Core tip: The risk calculator is a useful tool in many fields of medicine, including hepatology. This paper reviews the history of the development and validation of risk calculators of hepatocellular carcinoma (HCC) for patients with chronic hepatitis B (CHB). The rationale for using HCC risk calculators is first given, followed by a description of the course and pathway towards deriving HCC risk estimation tools for treatment-free CHB patients. Examples of the application of HCC risk prediction tools in clinical and public health settings is also shown. The paper also discusses several issues raised by the application of HCC risk scores.



INTRODUCTION

Hepatocellular carcinoma (HCC) is one of the most important adverse outcomes of chronic hepatitis B virus (HBV) infection, which affects more than 350 million people worldwide[1,2]. HCC causes poor quality of life and shortened survival, and is thus regarded as a major health challenge. The risk of chronic hepatitis B (CHB) progressing to HCC may be reduced by antiviral therapy[3], and surveillance with abdominal ultrasonography and serum alpha-fetoprotein tests can screen patients for early HCC treatment. Although the global number of individuals infected with CHB is extensive, especially in endemic areas such as Asian-Pacific and sub-Saharan African regions, only a small number of patients develop end-stage liver diseases. Therefore, the identification and triage of patients who are at high risk of HCC development is important. Several factors, such as gender, age, family history of HCC, presence of hepatic inflammation/fibrosis, alcohol consumption, elevated viral load, hepatitis B e antigen (HBeAg) positivity, and specific HBV genotypes (e.g., genotype C), have been identified to be independently associated with elevated risk of HCC development (Figure 1)[4-8]. These factors, including patient, viral, and environmental factors, interact with one another and lead to HCC development in patients with chronic HBV infection. From the individualized medicine point of view, these factors should be used to reveal the future risk of HCC progression in patients with viral hepatitis so that preventive measures can be applied to those with high risk. Intuitively, a patient who has all of the risk factors for HCC can easily be categorized as very high risk (such as patient A in Table 1), whereas a patient without risk factors can be identified as very low risk (such as patient B in Table 1), despite not knowing the exact risk in these patients. However, the risk in patients with mixed risk profiles (patients C and D in Table 1) cannot easily be determined or compared. Thus, a tool that is evidence based and appropriately weights these risk predictors to provide a simple and accurate risk estimate for the interested outcome (i.e., HCC) would be very helpful. Consequently, some investigators have responded accordingly to this demand.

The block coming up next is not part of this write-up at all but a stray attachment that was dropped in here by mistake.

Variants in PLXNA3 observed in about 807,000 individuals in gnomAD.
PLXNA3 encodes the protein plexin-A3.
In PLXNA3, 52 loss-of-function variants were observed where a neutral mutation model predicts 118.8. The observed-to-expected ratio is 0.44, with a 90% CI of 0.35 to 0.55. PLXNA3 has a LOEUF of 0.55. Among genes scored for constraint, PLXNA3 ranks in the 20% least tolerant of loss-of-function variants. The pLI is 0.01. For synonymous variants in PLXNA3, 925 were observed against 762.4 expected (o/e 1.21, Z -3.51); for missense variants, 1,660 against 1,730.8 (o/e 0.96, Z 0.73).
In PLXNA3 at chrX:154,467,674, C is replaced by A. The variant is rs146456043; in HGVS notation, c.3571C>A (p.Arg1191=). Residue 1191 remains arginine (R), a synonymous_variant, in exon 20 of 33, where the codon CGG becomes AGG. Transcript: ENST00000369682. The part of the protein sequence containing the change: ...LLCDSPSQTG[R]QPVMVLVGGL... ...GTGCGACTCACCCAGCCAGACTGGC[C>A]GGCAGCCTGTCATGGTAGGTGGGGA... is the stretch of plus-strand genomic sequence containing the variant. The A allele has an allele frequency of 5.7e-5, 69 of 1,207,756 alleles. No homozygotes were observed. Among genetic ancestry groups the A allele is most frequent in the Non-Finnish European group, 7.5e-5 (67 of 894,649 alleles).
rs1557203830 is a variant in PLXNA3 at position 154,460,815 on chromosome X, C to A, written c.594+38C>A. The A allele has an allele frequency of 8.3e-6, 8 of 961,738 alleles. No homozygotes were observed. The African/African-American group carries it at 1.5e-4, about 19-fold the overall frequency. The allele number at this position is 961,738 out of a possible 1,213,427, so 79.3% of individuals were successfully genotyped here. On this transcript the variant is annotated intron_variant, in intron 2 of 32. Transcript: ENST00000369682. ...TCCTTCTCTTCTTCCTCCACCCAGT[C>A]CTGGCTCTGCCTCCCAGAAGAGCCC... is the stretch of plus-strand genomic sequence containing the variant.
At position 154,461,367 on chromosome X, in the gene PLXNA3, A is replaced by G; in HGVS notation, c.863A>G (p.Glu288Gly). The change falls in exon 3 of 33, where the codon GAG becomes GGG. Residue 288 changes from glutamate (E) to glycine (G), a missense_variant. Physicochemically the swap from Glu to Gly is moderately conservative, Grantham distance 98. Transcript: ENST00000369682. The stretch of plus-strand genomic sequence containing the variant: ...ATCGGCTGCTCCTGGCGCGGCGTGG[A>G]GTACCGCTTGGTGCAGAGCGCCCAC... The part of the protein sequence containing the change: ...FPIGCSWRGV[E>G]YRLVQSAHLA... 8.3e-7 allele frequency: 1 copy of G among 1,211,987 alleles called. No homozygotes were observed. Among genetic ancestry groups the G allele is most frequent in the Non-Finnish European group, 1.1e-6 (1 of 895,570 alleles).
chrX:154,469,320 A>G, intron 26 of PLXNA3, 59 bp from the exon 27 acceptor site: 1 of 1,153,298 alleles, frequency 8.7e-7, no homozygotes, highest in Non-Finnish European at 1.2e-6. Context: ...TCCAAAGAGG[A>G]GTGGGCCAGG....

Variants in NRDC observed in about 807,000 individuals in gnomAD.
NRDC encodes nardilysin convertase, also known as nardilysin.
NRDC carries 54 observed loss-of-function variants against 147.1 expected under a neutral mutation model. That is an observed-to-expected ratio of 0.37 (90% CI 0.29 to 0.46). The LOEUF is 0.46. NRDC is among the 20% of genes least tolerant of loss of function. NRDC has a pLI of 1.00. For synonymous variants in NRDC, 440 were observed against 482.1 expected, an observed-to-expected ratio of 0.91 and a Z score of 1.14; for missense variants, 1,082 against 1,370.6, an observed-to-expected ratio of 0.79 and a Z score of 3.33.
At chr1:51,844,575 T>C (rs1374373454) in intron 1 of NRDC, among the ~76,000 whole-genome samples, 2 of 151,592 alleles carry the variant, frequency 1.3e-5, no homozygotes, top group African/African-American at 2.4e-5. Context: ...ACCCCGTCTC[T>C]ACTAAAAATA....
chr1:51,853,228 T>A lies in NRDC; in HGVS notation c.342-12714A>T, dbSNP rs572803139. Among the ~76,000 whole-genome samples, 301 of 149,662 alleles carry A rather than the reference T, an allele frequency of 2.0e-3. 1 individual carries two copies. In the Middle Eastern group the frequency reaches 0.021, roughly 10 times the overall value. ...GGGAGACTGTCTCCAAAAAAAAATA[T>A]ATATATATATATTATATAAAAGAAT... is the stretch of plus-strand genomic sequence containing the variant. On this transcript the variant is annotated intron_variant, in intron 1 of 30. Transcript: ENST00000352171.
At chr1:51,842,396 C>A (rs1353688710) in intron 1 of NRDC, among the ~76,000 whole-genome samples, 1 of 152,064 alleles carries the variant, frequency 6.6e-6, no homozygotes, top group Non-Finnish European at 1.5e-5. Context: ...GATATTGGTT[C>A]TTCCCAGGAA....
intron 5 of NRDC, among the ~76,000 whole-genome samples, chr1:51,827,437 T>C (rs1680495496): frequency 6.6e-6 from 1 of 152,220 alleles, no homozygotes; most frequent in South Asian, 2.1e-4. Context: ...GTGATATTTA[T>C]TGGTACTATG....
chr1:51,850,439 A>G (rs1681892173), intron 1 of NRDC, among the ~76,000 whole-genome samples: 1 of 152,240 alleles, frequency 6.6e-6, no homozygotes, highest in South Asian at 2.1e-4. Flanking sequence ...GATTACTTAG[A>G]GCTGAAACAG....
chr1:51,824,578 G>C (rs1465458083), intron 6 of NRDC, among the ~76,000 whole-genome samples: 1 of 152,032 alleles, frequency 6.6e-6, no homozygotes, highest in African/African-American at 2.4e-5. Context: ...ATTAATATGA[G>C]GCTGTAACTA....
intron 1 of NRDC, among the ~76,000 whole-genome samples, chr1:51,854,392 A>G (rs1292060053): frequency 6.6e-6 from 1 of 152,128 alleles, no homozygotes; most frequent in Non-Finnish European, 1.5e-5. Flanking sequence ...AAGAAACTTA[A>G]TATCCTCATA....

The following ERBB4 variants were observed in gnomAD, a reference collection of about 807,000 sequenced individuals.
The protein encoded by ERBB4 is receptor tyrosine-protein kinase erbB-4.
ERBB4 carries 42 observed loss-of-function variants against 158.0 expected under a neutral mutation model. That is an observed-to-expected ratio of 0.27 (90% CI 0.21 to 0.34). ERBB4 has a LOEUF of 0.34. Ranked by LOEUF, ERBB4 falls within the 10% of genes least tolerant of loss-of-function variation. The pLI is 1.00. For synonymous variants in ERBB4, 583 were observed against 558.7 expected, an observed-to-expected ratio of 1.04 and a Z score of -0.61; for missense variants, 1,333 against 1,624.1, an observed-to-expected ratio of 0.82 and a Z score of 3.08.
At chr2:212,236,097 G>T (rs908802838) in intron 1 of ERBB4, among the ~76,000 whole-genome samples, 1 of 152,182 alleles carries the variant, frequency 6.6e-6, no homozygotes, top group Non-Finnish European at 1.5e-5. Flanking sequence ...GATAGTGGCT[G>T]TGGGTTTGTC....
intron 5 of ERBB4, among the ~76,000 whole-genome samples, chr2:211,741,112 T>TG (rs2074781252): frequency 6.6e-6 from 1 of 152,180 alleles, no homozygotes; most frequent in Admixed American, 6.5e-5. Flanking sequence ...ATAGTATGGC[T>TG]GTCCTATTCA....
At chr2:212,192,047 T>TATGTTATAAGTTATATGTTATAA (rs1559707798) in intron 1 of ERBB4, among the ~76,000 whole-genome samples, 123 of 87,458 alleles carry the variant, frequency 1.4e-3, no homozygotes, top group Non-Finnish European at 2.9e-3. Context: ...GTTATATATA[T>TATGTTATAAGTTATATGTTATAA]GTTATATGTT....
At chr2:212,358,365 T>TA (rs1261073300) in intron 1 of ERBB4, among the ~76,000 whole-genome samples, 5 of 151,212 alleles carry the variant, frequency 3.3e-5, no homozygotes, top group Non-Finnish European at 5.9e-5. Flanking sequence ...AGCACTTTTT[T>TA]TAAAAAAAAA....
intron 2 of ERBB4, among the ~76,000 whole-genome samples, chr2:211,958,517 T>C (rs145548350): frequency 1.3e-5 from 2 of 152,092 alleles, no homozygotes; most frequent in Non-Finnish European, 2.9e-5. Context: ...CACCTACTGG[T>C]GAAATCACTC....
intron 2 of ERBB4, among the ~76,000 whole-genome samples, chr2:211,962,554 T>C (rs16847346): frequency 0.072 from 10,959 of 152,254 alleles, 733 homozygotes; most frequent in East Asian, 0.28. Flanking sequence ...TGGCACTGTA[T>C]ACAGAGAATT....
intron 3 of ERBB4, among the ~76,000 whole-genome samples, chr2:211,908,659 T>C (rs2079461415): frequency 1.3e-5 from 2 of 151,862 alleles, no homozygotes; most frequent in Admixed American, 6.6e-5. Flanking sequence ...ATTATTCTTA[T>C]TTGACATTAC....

Table 1 Scenario for chronic hepatitis B patients with various risk profiles.
Patient APatient BPatient CPatient D
GenderMaleFemaleMaleFemale
Age (yr)70305540
ALT (U/L)100152540
HBeAgPositiveNegativeNegativeNegative
HBV DNA (copies/mL)> 106< 300104105
Risk of HCCVery high(but the exact risk is unknown)Very low(but the exact risk is unknown)UnknownUnknown
Figure 1
Figure 1 Known risk factors for hepatocellular carcinoma disease progression for chronic hepatitis B. M: Male; F: Female; HBV: Hepatitis B virus; HBeAg: Hepatitis B e antigen.